The very first PDC I attended was in 1998 in Denver (before I joined Microsoft). Don
this was an unremarkable conference by PDC standards, and he may be right. Nevertheless,
I remember being blown away by the range of ideas Microsoft were working on. Some
of those ideas have since become a central part of Microsoft’s developer platform;
others have since been quietly dropped.
One of the sessions that attracted a lot of attention five years ago was an architectural
session by Mary Kirtland, covering the COM+ runtime environment. She demonstrated
an experimental C++ compiler that supported declarative programming. The idea that
one could express intent via attributes evolved into C# and of course today seems
almost mundane in the .NET world. Creating a web service from a normal class with
a simple [WebMethod] attribute still amazes people whenever they see it for the first
Another session that held my attention was an otherwise dry keynote from David
Vaskevitch, which was something of a “State of the Union” address about the Microsoft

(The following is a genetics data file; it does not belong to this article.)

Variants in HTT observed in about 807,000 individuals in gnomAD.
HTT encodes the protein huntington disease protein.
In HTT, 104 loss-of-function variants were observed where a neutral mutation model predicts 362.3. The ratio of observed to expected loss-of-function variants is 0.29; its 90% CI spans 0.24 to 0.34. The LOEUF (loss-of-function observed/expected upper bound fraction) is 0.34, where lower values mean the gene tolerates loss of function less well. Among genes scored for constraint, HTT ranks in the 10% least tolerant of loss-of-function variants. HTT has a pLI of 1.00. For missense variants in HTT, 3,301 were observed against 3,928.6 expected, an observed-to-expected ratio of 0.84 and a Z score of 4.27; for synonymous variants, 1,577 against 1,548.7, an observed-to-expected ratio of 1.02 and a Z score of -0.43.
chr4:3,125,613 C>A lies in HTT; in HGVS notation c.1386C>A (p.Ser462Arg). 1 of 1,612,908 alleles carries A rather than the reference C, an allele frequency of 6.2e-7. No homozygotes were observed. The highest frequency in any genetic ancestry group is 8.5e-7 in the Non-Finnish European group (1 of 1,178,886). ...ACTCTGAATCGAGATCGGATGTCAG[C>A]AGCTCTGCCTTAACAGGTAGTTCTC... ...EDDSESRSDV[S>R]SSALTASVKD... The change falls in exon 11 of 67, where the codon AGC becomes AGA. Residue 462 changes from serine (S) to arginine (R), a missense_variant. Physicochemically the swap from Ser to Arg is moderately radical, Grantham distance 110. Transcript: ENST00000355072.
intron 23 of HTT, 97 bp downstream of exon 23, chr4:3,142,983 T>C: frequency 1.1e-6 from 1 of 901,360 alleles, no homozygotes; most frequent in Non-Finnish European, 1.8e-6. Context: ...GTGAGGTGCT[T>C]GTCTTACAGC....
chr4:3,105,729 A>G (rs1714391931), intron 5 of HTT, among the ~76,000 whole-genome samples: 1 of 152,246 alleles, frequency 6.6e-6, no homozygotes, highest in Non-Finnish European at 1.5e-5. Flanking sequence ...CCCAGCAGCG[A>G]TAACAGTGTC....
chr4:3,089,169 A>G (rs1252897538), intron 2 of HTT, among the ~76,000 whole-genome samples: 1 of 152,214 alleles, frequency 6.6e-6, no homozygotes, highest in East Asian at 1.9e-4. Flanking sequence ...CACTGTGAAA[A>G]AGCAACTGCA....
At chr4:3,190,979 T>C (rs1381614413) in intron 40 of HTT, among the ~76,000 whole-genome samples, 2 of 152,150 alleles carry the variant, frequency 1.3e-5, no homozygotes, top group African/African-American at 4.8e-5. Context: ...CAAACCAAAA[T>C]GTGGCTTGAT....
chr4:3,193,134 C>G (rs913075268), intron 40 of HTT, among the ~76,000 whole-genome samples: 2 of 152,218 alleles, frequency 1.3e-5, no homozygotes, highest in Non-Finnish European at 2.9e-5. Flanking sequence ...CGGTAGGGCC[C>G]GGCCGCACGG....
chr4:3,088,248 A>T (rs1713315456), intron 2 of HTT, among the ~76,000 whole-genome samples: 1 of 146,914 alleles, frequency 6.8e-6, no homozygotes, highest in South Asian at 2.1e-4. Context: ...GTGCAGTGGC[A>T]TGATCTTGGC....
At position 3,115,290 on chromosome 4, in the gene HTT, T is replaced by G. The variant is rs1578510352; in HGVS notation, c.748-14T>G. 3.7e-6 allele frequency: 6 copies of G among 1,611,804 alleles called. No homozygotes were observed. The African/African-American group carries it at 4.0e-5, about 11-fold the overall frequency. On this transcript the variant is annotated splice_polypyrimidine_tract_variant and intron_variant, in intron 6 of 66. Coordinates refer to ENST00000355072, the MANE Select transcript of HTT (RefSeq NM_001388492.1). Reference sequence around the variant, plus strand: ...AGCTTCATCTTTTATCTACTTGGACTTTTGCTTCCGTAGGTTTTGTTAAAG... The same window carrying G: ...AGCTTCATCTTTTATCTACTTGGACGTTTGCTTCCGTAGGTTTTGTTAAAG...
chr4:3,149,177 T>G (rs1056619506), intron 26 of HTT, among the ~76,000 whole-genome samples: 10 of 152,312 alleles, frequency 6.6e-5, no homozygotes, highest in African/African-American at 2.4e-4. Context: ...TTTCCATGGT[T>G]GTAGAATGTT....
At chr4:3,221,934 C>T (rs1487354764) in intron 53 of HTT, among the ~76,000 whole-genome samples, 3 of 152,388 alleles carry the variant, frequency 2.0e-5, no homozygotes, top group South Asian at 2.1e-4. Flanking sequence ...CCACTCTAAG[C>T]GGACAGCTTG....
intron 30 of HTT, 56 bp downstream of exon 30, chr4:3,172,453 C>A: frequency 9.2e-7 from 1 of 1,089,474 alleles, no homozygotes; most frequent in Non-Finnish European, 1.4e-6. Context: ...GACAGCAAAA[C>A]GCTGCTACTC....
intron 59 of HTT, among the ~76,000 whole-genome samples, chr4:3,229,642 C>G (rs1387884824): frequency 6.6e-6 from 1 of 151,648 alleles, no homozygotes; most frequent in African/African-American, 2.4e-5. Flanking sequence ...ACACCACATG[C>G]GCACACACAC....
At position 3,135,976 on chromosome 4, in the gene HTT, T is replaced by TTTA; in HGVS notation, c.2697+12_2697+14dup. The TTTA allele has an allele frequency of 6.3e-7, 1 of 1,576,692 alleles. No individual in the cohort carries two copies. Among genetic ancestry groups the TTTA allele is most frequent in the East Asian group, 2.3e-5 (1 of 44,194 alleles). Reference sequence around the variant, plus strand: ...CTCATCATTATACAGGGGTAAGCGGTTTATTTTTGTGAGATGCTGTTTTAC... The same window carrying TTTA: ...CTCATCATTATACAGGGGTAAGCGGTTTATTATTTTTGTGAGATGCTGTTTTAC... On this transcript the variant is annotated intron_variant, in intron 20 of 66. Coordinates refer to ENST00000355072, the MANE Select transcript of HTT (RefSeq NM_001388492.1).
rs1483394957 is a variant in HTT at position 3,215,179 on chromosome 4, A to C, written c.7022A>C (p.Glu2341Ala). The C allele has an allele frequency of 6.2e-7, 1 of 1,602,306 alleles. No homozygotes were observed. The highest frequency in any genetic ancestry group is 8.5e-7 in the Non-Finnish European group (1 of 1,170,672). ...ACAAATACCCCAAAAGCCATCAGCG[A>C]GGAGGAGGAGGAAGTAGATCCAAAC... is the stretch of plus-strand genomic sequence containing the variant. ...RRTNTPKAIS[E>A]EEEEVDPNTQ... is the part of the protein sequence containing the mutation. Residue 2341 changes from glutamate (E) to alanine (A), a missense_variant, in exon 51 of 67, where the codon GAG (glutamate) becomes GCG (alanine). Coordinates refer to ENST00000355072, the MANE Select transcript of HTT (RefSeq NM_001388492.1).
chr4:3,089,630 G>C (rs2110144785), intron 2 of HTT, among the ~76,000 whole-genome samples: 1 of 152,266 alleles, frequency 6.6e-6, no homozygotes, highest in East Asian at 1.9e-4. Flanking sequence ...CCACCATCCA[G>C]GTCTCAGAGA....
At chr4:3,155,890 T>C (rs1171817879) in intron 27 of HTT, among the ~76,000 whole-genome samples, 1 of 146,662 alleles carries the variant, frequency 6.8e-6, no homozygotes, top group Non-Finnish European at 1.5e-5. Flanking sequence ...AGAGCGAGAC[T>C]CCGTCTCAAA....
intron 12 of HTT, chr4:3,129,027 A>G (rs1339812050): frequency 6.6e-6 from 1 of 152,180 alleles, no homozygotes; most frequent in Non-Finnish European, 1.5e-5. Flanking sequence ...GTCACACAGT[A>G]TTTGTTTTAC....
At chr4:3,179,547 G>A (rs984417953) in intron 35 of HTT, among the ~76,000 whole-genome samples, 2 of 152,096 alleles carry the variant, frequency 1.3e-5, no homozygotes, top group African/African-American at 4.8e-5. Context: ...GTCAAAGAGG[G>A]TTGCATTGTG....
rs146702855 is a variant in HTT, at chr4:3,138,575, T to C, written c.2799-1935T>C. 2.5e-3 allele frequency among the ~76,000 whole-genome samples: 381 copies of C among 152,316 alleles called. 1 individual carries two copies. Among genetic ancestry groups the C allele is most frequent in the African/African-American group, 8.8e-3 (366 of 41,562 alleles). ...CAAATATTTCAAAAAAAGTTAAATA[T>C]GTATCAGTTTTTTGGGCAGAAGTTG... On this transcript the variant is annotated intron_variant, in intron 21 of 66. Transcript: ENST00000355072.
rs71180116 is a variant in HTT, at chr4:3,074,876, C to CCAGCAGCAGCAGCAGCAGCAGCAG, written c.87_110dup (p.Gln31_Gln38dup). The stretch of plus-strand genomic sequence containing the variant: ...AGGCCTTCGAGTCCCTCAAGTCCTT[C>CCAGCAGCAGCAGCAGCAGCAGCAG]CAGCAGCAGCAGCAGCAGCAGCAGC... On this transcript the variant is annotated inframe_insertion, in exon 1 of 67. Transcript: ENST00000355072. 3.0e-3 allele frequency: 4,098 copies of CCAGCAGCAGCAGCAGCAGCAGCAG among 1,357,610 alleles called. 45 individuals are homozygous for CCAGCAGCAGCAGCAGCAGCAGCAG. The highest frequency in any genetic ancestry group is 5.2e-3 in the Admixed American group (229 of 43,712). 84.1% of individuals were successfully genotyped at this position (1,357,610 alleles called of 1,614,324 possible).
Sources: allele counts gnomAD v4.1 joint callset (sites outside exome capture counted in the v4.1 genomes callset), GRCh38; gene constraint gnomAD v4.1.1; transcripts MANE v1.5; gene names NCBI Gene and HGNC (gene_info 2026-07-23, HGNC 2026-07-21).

technology roadmap. He had one slide that I’d love to dig up from the archives, which
showed the building blocks of the platform vision. Five years on, we’ll be handing
out bits of two of the last pieces of the jigsaw puzzle as part of Longhorn: Forms+
and Storage+ (now WinFS).
My guess is that both have changed beyond all recognition since this original slide,
but it’s interesting to note that the visions have stood the test of time one way
In fact, the longer I’ve worked for (or with) Microsoft, the more it seems to be the
case that most ideas bear some fruit eventually. Even Hailstorm, which was widely
viewed to have sunk without trace (certainly a search
on microsoft.com reveals little of what was once a flagship PDC technology). But
much of the vision has been incorporated into MSN for
consumers; to a lesser extent, in the business arena by technologies such as SharePoint and Greenwich.
I’m looking forward to this PDC, not just for the detailed sessions on Longhorn, Whidbey
and Yukon, but for the opportunity to hear some of the brightest minds putting forward
their vision of software over an even longer term. I’d like to see a glimpse of the
work we’re starting now that won’t bear fruit for another five years time. Hopefully
Longhorn will be old hat by then!